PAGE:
Security AI on the developer side is more nascent. Some AI pair programming tools, such as GitHub Copilot, have run into licensing and security vulnerability snags. But other tools, such as API security tools that build in automated shield right features, are gaining acceptance among developers. DevSecOps pros say they're prepared to give AI assistance in developer workflows a chance.
"AI automation will be very helpful, especially if there's anything malicious going on in a repository [or] if there's a bad actor in there," said Aradhna Chetal, managing director of cloud security at financial services company TIAA, which uses GitLab's platform.
Not all workloads would be suitable for auto-remediation. But AI-driven alerts and prioritization could be just as helpful to DevSecOps teams in those instances, Chetal said.
DevSecOps security AI puts SIEM in the crosshairs
There may be growing pains for security AI on the developer side as it matures. But there's potentially a compelling reason for DevOps platform teams to look for security AI from DevSecOps tools, such as GitLab and Prisma Cloud, according to analysts -- their ability to take in a broad array of data that covers the whole software delivery toolchain.
This might lead to more useful insights through AI analysis than users might get through specialized security information and event management (SIEM) tools alone, according to Marks.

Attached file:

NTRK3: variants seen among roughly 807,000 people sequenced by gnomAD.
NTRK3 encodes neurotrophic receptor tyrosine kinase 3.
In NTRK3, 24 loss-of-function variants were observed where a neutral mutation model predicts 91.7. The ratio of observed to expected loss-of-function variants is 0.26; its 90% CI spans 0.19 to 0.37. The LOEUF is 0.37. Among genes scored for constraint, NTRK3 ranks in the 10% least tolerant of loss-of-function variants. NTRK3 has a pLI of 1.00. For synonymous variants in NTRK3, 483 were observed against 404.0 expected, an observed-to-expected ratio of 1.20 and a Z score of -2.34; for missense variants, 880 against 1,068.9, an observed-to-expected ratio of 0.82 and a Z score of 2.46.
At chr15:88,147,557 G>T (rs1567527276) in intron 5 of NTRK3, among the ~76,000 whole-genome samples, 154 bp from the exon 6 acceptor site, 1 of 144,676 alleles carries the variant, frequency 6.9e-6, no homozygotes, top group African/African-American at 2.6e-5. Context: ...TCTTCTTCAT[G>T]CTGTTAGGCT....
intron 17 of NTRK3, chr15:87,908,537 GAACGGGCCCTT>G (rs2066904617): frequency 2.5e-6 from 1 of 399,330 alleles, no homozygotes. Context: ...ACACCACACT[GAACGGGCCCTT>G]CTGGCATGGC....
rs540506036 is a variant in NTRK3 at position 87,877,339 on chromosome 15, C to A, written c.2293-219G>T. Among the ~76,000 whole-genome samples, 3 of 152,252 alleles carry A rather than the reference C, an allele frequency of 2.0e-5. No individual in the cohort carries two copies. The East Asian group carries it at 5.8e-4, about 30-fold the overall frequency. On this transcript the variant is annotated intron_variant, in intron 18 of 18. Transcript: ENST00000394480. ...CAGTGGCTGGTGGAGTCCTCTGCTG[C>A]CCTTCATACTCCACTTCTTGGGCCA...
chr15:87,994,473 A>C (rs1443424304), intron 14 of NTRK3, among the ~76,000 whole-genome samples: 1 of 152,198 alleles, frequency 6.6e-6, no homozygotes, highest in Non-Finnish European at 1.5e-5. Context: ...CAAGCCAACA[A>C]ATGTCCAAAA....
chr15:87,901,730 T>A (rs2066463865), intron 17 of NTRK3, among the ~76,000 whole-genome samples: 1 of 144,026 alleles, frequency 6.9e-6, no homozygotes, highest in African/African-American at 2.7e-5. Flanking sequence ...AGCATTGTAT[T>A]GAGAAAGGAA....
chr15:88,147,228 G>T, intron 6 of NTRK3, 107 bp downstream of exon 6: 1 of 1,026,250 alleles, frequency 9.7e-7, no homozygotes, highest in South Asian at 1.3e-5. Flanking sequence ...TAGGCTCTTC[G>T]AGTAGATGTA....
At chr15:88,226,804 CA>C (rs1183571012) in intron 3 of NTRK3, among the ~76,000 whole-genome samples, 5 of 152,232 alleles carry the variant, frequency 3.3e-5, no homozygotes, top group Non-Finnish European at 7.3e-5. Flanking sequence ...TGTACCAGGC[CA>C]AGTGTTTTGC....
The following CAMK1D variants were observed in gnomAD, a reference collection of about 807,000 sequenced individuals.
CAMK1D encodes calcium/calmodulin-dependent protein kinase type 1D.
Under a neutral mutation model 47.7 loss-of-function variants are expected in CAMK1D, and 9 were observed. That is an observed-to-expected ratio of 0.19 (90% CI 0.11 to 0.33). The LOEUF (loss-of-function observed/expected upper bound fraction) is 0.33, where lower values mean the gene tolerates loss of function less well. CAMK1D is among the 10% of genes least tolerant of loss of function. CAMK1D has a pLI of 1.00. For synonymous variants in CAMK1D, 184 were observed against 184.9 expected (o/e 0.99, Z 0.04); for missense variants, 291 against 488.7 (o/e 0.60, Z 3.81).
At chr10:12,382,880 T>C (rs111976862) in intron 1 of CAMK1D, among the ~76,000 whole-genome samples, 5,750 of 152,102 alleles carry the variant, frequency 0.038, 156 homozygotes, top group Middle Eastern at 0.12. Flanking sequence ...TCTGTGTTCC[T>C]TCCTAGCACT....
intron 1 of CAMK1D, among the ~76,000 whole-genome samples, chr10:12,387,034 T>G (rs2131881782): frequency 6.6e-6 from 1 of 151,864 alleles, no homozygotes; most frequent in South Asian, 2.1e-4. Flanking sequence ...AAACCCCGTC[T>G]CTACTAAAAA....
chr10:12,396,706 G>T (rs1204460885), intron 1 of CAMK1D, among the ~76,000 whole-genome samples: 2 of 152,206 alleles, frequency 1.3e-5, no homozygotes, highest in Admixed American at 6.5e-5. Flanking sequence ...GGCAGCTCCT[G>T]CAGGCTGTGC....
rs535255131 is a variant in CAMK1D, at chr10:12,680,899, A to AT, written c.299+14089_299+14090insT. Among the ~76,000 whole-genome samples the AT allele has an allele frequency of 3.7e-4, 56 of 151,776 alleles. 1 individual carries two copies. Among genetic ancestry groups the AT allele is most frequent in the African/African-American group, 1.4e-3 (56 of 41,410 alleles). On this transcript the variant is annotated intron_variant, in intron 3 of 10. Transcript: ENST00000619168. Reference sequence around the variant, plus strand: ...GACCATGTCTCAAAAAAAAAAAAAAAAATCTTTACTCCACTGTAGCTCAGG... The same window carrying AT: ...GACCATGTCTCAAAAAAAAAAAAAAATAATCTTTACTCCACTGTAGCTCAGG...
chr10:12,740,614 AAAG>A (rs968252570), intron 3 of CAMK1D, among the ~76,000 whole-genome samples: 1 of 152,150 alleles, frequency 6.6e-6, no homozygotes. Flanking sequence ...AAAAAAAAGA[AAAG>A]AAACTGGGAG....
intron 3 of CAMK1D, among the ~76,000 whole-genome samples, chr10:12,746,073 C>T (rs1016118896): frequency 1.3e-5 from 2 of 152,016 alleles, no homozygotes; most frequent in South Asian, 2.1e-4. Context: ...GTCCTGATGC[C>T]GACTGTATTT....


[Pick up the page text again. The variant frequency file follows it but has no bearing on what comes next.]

"Both [Prisma Cloud and GitLab] are really taking aim at the inefficiency of using SIEM," she said. "GitLab is taking the approach [of offering] a single source of truth where you can easily insert security for DevSecOps, set policies and do vulnerability scanning. [That] can reduce work and streamline processes across groups."
It's unlikely DevSecOps tools will replace SIEM tools. But broader access to different types of data may also yield more interesting results from AI, said Jim Mercer, an analyst at IDC.
"Too many vendor tools are focused solely on one product or specific domain data to train models. But the DevOps and DevSecOps tool stacks are more complex and have cross dependencies," he said. "To gain insights into where the real challenges and opportunities live, you need an AI model that is looking across all the aspects of the delivery pipeline. Otherwise, your findings may be a bit shortsighted."
Beth Pariseau, senior news writer at TechTarget Editorial, is an award-winning veteran of IT journalism. She can be reached at [email protected] or on Twitter @PariseauTT.